Scientists reported Wednesday that they had finally fingered the culprit in the spread of Marburg virus, a singularly lethal disease that has baffled virologists for nearly four decades: the African fruit bat.
The researchers from Gabon and the United States examined over 1,100 bats from ten species, but detected the virus' RNA genome and antibodies only in Rousettus aegyptiacus, a common fruit bat found all across sub-Saharan Africa.
Marburg and its deadly cousin Ebola virus have caused large outbreaks with extremely high fatality rates -- 80 to 90 percent -- in humans and great apes.
Death from shock usually occurs a week after clinical onset of symptoms.
The world's biggest outbreak of Marburg occurred in Angola from October 2004 to July 2005, infecting 374 people, 329 of whom died, according to an official toll.
The study reports finding viral RNA in four of 283 R. aegyptiacus bats collected in Gabon and the Republic of Congo in 2005 and 2006. Another 29 bats of the same species tested serologically positive for Marburg, showing traces of antibodies providing immunity against the virus.
Neither Marburg-virus RNA nor specific antibodies were detected in any of the other species of bats tested, according to the study, published in the online science journal PLoS ONE.
"Identifying Marburg infection in the African fruit bats brings us one step closer to understanding this deadly disease," said one of the study's authors, Eric Leroy of the Centre International de Recherches Medicales de Franceville in Gabon.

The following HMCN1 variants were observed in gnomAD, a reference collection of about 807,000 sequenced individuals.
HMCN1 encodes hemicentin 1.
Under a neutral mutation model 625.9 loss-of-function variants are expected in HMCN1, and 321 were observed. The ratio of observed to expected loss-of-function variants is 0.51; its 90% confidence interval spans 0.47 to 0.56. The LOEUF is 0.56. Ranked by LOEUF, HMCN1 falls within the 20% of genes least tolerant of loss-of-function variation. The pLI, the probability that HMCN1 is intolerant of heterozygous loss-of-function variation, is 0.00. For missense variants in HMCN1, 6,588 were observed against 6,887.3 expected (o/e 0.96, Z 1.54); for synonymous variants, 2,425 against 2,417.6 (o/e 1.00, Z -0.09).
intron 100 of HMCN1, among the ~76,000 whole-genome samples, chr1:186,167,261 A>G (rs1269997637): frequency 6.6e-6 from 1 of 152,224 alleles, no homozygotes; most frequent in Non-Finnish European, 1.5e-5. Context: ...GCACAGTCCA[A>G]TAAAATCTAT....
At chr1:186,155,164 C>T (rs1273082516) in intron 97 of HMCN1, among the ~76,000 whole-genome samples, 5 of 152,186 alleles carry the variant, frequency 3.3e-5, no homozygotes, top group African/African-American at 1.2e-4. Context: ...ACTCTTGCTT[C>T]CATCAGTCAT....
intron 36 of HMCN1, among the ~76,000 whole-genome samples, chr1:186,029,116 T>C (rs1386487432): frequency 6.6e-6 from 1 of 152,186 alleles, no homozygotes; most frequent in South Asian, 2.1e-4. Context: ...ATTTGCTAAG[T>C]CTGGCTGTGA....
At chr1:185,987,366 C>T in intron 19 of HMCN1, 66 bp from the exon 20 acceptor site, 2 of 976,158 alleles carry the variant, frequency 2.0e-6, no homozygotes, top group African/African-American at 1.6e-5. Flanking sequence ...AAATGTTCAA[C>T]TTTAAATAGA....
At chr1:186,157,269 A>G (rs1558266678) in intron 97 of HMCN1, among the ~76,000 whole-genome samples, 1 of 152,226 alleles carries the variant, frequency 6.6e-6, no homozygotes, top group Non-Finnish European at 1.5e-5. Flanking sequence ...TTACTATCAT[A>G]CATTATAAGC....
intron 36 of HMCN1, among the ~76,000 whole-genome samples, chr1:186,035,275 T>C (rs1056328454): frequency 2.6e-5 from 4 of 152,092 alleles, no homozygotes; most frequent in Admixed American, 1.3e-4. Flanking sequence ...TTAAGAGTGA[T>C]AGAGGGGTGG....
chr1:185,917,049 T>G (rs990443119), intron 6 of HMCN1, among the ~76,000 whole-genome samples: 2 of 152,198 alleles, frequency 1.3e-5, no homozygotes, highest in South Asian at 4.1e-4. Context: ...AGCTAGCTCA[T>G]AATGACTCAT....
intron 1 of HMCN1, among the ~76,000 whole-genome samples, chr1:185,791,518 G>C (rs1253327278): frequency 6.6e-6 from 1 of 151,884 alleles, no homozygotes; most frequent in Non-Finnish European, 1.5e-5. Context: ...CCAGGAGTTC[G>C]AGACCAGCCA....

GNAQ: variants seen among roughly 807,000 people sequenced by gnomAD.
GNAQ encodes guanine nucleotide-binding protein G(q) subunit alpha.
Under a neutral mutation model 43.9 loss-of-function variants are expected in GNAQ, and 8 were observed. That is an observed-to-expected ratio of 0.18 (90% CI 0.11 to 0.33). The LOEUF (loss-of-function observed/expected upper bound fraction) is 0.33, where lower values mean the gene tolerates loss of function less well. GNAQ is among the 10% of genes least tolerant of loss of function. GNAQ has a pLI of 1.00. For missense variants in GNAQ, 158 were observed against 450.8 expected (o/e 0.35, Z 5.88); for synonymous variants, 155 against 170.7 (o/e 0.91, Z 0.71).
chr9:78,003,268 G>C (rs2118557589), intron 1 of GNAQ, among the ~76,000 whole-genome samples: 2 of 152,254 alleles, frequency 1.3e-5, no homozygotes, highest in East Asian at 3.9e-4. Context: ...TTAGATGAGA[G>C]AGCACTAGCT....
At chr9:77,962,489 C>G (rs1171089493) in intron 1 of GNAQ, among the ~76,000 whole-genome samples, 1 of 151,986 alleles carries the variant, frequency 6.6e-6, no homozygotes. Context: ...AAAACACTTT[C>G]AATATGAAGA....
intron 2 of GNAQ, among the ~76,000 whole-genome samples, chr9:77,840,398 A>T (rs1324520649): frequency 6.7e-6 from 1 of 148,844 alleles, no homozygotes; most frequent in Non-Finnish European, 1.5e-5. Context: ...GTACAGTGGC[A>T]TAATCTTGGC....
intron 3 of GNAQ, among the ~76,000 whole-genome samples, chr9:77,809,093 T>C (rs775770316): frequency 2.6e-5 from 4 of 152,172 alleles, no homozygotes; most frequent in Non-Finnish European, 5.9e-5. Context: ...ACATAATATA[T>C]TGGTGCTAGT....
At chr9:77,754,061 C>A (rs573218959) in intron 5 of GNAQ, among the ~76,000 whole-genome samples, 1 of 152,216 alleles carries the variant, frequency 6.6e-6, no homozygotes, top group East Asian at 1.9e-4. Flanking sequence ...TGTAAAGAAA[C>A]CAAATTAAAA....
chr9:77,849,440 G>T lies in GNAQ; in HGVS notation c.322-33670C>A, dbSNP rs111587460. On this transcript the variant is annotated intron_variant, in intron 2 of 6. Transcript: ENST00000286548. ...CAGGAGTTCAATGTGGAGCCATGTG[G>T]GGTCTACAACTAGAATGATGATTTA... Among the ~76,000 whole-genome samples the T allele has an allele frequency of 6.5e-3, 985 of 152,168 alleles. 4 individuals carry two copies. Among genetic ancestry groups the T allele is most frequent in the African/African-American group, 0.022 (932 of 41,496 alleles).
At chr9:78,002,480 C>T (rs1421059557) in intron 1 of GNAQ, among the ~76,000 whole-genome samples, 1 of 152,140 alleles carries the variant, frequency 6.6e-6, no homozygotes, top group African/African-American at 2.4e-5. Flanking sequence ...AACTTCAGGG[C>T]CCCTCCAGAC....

Scientists had been trying to pinpoint the "natural reservoir" of the virus ever since the initial outbreak among laboratory workers in Germany 40 years ago.
Bats became likely culprits after the recent discovery of the related Ebola virus in fruit bats in Gabon and the Republic of Congo, and an outbreak of Marburg hemorrhagic fever in a gold mine in the Democratic Republic of Congo containing a large number of the nocturnal flying mammals.
The fruit bats that tested positive for the disease are the first naturally-infected non-primates ever identified, the paper said.
It is also the first report of Marburg in this area of Africa, suggesting that the risk of further outbreaks may be higher than previously thought.
"From a public health perspective, this discovery offers us new insight into the transmission of Marburg virus and potentially other filoviruses," said lead author Jonathan Towner, a senior microbiologist at the Centers for Disease Control and Prevention in Atlanta, referring to the family of viruses that includes Ebola.
Marburg infections were recently reported among miners in Uganda, where another team of researchers captured bats for testing, the World Health Organization said last week.